Graphic details of caribou decomposition
Life recycled on a far-off gravel bar in the far north
Ned Rozell photo
River floaters Anna Rozell, Kristen Rozell, Michael Gibson and Elias Gibson look at a caribou killed by wolves on a gravel bar of the Fortymile River.
At the approach of a canoe, the wolverine tears into the woods, its claws spitting mud. Seconds later, ravens explode from what resembles two branches reaching from a driftwood log.
After the animals flee the Fortymile River gravel bar, the driftwood turns into chewed velvet antlers the size of a folding chair. A fleshy backbone ropes from a skull, extending to rib fragments and a blade of hipbone, its sockets empty. A few tufts of hide lay amid rocks, but the rest of the caribou — so fresh it barely smells — has vanished.
How could a 300-pound animal disappear so fast? From evidence at the kill site, here’s what might have happened:
Seven wolves, a pack that includes two parents and two pups born in early June, spot a young caribou limping toward the Fortymile River. As the caribou, its right front leg injured in a fall, enters the water to swim across, the pack holds. When the caribou emerges dripping on their side of the river, the wolves move.
The pack descends from downwind, surprising the chocolate-brown bull. With practiced teamwork, the wolves drag down the caribou. The animal gasps its last breath and falls on round rocks powdered with river silt.
There, the recycling of a large mammal begins. Using their teeth with astonishing force, the wolves rip open the caribou’s hide from the puncture wounds on its throat. The wolves tug at hair, flesh and savored internal organs. Crouching at the caribou like pigs at a teat, they gulp down wet, warm chunks. The seven creatures will share most of the caribou, one of many meals that help sustain 100-pound animals in hungry country.
The wolves will not get it all. A healthy black bear with a cinnamon coat wanders in, scattering the now sluggish wolves that retreat and look on a few body lengths away. The bear yanks at the carcass until it pops a hindquarter from the hip socket. The bear drags the 50-pound prize into the spruce.
The wolves return to the kill, scattering ravens that spotted the scene as they circled overhead. The ravens also sniffed a plume of stink. When the caribou died, communities of microbes on its body and within its gastrointestinal tract did not. They start the decomposition of the flesh, as do resident bacteria. Beginning the process of putrefaction, the microscopic bugs emit smelly byproducts, including ammonia, hydrogen sulfide and ethanethiol, a gas so detectable by humans we add it to propane.
Those odors attracted the big animals — the bear, wolverine and the raven, which author and biologist Bernd Heinrich calls “the premier northern undertaker.” The ravens, he points out in his book “Life Everlasting; the Animal Way of Death,” will not only eat what they find, but will fly off and hide scraps for later. Other animals will sniff out those caches and taste a caribou they never saw.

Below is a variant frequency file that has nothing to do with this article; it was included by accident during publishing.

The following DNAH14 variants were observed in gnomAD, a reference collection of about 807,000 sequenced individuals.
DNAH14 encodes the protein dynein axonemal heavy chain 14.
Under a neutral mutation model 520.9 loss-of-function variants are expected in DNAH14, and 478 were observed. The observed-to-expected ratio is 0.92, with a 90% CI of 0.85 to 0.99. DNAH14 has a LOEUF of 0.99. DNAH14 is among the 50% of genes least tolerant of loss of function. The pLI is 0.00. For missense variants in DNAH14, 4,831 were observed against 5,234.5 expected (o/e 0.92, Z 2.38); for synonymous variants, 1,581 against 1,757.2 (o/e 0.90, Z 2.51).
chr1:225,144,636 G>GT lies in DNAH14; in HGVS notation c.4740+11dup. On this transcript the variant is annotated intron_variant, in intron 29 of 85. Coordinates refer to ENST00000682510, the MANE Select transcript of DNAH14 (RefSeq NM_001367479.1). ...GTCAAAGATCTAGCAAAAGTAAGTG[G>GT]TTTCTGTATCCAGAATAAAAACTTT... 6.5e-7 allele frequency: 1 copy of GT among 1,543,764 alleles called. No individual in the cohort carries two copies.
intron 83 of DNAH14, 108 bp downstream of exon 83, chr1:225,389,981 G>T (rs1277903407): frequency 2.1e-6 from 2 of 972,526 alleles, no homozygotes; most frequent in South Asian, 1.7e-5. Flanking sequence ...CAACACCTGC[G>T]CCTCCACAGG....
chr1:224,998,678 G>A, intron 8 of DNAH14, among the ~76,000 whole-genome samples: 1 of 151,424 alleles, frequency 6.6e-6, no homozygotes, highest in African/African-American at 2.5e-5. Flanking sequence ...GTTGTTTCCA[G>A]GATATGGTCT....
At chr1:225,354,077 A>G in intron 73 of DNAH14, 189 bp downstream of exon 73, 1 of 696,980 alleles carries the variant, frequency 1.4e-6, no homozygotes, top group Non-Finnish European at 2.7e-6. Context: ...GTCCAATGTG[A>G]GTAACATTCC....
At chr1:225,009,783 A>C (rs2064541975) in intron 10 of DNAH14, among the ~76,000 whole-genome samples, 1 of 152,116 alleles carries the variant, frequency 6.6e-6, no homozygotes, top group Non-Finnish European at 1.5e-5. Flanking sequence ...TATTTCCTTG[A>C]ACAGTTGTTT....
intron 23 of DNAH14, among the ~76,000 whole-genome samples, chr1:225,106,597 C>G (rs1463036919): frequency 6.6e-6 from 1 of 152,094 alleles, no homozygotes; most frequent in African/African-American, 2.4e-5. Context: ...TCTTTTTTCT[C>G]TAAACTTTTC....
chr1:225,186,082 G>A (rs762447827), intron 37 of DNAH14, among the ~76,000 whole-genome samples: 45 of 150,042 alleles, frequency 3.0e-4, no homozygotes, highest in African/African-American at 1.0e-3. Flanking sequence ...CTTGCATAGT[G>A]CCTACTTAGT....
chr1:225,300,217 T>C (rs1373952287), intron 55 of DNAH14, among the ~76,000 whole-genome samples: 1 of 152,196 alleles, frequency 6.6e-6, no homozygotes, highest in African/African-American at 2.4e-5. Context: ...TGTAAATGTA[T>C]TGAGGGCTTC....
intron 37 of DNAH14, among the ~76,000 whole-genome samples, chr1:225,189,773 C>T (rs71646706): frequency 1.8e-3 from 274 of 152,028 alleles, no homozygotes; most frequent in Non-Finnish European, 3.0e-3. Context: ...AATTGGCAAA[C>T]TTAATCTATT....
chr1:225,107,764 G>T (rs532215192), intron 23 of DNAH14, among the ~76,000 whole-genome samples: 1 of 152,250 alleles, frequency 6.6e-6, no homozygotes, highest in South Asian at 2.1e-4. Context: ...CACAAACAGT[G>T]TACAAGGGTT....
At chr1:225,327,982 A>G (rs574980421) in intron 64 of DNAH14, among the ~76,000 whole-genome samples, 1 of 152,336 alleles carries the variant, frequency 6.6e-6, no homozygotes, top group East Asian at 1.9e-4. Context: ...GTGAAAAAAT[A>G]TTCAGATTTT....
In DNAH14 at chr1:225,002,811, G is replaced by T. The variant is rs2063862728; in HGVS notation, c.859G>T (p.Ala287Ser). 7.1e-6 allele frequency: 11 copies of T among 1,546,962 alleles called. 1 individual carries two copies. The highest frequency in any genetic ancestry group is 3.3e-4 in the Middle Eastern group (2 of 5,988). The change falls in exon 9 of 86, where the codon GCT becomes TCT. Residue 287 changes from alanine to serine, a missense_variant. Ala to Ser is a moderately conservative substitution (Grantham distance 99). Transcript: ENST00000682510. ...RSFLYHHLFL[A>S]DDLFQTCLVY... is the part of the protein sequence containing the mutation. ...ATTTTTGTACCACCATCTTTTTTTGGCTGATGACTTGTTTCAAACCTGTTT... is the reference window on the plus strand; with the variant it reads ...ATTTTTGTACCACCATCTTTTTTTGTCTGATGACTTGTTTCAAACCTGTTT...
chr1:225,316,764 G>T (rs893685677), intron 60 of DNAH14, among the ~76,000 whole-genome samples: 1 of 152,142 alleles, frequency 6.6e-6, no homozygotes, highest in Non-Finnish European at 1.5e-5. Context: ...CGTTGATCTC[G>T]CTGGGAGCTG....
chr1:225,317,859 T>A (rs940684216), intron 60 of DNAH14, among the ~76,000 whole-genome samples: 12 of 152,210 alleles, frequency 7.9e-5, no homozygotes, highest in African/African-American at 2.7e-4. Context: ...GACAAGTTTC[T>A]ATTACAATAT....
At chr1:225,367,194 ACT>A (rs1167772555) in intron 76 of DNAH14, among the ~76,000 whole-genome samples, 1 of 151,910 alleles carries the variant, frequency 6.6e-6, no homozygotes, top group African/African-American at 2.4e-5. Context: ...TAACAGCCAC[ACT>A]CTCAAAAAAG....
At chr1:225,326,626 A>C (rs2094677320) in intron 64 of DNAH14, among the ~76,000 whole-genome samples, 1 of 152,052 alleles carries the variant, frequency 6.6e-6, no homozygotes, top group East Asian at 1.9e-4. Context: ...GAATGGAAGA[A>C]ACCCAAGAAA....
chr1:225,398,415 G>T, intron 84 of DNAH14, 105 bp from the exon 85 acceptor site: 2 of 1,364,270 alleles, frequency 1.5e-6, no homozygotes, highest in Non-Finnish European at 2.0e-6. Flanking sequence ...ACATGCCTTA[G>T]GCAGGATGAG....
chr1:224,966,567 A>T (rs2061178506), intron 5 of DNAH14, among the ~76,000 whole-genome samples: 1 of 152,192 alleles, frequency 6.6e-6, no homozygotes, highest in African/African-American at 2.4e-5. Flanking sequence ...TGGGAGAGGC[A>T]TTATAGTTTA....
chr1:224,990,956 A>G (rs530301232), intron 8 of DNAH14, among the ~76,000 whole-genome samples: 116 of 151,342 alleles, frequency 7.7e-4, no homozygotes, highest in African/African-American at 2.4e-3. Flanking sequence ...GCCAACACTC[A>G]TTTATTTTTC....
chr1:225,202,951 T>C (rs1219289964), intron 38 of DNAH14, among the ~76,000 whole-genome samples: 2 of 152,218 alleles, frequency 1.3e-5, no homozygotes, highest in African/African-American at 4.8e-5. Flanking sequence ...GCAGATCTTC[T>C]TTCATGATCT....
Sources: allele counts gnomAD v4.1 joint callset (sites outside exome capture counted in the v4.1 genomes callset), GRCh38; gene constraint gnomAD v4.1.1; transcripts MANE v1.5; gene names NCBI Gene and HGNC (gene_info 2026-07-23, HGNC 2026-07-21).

The revolting scents wafting from the body pull blue-bodied blowflies from five miles downstream. According to Derek Sikes, entomology curator at the University of Alaska Museum of the North, the two flies most likely to arrive first are Cynomya cadaverina and Calliphora vomitoria.
Each fly lays more than 100 eggs on the still-warm carcass. Within eight hours, those eggs are maggots, which feed to satiation before worming off into the dirt. There, they will morph into the next generation. Flies are “the first, and arguably most dominant, organisms that colonize and decompose vertebrate remains,” wrote biologist Edward Mondor of Georgia Southern University in his readable paper “The Ecology of Carrion Decomposition.”
Ned Rozell photo
A caribou killed by wolves on a gravel bar of the Fortymile River in the Yukon Territory, just east of the Alaska border.
Northern carrion beetles are the second group of insects to the caribou, arriving soon after the flies. They convert the animal to new beetles by eating it (and the fly larvae known as maggots), laying eggs on it and mating at the site.
When the carcass dries, the maggots and larger beetles move on, making way for the dermestids, smaller beetles of the type museum specialists use to clean bones. When the dermestids are done, rodents will tote off some of the remaining chewables.
Soon after, the river will rise, cleansing the site of the past drama. As for the forgotten caribou, its death enabled many more lives than the bull produced during its few years of clicking across the tundra.
(Since the late 1970s, the University of Alaska Fairbanks' Geophysical Institute has provided this column free in cooperation with the UAF research community. Ned Rozell is a science writer for the Geophysical Institute.)